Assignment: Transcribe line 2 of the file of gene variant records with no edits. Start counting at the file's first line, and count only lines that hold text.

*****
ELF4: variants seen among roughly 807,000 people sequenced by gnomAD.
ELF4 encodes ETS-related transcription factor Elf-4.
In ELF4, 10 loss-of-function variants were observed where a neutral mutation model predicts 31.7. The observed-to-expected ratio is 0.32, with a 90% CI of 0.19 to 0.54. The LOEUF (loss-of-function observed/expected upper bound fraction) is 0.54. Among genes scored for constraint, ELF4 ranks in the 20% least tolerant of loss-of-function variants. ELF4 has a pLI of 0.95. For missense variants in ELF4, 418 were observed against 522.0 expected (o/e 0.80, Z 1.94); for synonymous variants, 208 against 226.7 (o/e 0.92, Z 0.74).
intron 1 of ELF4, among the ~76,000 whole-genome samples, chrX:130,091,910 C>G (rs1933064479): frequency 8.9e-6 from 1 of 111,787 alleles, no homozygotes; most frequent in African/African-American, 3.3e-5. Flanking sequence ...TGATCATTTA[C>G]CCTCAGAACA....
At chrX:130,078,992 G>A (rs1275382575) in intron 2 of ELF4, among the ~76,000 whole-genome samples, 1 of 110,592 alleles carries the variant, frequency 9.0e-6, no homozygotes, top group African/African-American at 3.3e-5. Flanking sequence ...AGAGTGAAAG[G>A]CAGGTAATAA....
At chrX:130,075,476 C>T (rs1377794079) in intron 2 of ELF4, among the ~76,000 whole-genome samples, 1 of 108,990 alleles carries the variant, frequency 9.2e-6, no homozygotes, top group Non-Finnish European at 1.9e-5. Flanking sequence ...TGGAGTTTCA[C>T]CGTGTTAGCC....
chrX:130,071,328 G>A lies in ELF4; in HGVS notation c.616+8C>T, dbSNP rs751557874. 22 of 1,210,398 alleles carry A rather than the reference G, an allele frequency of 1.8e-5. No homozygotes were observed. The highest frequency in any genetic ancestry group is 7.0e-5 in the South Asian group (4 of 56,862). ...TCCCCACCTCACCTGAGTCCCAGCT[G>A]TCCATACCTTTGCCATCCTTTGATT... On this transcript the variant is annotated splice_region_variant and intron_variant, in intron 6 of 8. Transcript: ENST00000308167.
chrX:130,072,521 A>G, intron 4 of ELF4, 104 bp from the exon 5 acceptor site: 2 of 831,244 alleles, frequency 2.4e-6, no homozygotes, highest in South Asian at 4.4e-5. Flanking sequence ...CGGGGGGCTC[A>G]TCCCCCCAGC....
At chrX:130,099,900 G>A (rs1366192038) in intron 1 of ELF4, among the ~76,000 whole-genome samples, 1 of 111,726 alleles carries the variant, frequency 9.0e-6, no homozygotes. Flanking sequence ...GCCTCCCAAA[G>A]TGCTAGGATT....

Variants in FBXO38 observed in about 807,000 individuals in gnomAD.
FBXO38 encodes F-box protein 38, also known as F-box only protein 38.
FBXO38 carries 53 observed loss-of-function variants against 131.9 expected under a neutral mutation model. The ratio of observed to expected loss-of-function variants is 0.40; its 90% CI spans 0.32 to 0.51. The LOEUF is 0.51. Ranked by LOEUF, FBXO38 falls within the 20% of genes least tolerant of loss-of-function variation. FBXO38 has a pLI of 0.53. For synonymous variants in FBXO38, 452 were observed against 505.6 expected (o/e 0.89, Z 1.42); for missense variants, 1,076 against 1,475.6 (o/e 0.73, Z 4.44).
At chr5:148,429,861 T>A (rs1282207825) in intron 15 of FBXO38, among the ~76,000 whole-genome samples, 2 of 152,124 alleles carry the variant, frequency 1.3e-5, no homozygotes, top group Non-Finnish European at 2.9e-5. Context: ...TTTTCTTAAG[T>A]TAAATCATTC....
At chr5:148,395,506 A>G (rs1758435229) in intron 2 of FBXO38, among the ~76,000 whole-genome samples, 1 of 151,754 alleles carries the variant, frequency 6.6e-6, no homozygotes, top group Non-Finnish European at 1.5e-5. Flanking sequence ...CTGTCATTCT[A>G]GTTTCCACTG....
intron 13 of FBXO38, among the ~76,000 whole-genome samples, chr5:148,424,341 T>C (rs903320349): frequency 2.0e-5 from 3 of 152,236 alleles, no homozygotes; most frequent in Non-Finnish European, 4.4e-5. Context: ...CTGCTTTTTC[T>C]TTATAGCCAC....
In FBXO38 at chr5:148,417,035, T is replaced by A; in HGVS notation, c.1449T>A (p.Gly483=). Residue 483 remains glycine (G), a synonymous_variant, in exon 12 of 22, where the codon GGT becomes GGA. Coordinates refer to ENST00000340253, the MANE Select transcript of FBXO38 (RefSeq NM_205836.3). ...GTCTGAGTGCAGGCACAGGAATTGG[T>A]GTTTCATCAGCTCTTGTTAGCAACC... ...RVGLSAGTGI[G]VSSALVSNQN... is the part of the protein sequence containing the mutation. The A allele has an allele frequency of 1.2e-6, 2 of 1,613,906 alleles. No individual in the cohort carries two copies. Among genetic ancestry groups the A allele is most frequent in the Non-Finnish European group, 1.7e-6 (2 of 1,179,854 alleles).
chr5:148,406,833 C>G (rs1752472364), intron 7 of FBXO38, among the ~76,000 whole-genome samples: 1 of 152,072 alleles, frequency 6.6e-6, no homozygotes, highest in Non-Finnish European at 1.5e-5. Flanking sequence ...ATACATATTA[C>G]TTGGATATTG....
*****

ELF4 encodes ETS-related transcription factor Elf-4.